Renewals of more than 350 marine farm applications in the next eight years could cost millions of dollars, says the Marlborough District Council.
Mayor Alistair Sowman said future management of the aquaculture industry in the Sounds had been excluded from a new environment plan, because it was likely to be controversial.
He said the Marlborough Environment Plan had been 10 years in the making and would soon go out to the public, but it excluded matters around coastal management.
"The provisions that related to the use of the coastal environment had particular challenges yet to be resolved, and the council wanted to ensure that all care was taken - the processes and the solutions had to be robust," he said.
Mr Sowman said the farms were put in place before the Resource Management Act (RMA) and would need resource consent when renewals were sought in 2024.
"Before the RMA they operated under licences and the bar was low. If you look at a map we have a ribbon development right around the Sounds.
"Potentially all renewals have to be done individually and it's a huge task. It's going to costs millions of dollars and each renewal could be challenged so we need a better solution, and we need to identify better sites for aquaculture," Mr Sowman said.
Mr Sowman said the government had told the council it needed a better mechanism for looking at the future of aquaculture, as operators faced a costly process and the region sought a better solution for its environment.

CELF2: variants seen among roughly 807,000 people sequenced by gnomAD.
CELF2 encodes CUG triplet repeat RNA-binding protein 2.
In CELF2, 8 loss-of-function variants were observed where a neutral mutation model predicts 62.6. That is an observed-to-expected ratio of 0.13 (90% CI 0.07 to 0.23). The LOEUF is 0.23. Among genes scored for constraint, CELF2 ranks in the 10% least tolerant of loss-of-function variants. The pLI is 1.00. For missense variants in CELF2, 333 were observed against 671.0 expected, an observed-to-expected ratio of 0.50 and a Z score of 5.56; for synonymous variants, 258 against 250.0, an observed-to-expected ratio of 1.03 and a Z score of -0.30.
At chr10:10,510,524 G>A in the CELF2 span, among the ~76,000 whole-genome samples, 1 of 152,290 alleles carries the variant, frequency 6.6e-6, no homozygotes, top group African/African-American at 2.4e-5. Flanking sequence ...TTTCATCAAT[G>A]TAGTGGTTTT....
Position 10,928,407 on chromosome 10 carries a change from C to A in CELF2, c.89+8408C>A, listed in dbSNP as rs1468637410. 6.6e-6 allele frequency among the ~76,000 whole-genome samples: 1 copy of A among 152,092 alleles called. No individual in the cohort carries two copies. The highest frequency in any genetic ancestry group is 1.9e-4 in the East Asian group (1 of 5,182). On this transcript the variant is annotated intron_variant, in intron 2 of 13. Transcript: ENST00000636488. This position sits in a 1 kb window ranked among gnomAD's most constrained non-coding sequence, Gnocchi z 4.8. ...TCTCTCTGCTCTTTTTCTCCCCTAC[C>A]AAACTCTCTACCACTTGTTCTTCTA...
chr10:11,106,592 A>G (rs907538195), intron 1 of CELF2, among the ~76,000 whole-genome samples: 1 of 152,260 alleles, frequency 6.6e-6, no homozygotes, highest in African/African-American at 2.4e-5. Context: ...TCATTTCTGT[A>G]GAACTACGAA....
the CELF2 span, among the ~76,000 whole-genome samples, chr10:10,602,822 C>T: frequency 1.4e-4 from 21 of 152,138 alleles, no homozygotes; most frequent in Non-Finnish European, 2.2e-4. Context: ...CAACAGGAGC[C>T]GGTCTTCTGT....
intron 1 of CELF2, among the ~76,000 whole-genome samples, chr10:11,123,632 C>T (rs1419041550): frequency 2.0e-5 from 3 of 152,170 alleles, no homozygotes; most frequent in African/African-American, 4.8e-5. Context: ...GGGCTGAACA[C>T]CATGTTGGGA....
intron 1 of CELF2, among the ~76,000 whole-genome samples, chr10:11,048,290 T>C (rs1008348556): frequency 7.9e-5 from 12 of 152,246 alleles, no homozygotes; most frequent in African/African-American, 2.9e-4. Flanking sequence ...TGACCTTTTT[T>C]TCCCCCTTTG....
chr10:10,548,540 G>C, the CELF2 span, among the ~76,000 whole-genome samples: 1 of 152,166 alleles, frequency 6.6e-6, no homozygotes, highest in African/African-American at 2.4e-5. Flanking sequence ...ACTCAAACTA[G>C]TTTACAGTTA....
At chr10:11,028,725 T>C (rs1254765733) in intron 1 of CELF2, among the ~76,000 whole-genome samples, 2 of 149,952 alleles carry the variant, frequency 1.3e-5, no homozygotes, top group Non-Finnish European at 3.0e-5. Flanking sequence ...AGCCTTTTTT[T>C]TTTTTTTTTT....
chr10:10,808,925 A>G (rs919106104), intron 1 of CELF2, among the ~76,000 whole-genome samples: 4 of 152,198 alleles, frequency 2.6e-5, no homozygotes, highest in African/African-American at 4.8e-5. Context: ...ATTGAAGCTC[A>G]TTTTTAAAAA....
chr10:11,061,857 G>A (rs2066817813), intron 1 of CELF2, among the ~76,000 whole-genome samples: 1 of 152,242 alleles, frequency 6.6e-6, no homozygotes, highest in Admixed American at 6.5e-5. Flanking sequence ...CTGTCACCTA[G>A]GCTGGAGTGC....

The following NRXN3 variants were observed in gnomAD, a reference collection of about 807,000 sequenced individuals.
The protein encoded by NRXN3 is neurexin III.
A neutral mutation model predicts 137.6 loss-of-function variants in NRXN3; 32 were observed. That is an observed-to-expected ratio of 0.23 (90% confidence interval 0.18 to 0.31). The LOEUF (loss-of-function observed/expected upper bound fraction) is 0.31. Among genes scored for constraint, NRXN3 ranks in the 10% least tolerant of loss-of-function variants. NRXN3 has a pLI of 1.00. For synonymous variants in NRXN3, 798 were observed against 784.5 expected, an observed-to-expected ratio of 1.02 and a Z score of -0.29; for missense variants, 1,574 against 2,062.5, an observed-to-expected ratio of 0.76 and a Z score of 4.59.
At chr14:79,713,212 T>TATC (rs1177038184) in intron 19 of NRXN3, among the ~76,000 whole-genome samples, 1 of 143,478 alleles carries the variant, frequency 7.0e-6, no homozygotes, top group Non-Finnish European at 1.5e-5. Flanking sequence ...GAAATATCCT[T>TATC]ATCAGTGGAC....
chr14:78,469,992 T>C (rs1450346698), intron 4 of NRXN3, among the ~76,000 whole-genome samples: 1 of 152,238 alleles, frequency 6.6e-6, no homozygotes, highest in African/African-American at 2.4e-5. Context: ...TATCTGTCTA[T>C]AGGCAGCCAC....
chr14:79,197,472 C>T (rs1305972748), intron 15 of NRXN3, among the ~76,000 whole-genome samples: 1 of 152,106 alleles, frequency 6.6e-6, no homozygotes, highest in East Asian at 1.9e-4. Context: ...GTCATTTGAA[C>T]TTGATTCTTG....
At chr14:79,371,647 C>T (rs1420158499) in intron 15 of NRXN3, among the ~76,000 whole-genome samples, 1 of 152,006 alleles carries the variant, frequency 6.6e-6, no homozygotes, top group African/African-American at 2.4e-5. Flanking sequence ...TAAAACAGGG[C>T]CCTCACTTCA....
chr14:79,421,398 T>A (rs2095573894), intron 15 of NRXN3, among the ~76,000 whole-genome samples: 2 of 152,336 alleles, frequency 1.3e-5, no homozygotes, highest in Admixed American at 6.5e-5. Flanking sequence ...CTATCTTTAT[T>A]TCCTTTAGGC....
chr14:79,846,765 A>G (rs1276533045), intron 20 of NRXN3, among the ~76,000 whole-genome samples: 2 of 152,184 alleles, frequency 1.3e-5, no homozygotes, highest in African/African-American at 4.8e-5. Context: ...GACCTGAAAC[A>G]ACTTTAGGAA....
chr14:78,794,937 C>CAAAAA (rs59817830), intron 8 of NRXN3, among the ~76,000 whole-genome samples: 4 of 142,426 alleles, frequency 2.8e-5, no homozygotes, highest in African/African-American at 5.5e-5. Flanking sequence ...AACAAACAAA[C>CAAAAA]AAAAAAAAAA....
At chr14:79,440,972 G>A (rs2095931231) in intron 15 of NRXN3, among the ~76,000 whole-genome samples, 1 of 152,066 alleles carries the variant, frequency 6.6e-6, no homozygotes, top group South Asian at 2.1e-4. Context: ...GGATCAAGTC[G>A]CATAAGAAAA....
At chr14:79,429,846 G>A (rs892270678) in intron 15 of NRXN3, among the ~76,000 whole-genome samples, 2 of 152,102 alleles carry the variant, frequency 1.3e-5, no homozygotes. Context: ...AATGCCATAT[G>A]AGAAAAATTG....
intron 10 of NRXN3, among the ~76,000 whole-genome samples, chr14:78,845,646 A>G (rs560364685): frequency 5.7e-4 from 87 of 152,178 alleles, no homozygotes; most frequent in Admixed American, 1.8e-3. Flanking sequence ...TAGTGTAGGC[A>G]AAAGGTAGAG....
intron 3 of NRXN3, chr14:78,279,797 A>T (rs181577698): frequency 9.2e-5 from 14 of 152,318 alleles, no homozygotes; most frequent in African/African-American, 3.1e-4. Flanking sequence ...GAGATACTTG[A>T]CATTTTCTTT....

"This gives us an opportunity to look at better planning for what might happen in 2024 when 350-plus marine farms come up for renewal. There's been a lot of talk with the industry, the Ministry for Primary Industries and residents, and we need more discussion on how we deal with site allocations ahead.
"Marlborough is an inland waterway that presents different challenges. It is a limited resource and we need to know how to manage it, but we now have better science that will help our decisions," Mr Sowman said.
He said the council needed to know where the best places for aquaculture might be and some marine farms might have to be moved.
The Marlborough Plan guided the use, development and protection of the region's natural and physical resources.
"As a council we are tasked with providing for aquaculture in appropriate locations but these have yet to be defined. We've pulled it out of plan because we don't want it holding up the whole plan, and we need a better mechanism to look at the future of aquaculture in the Sounds," Mr Sowman said.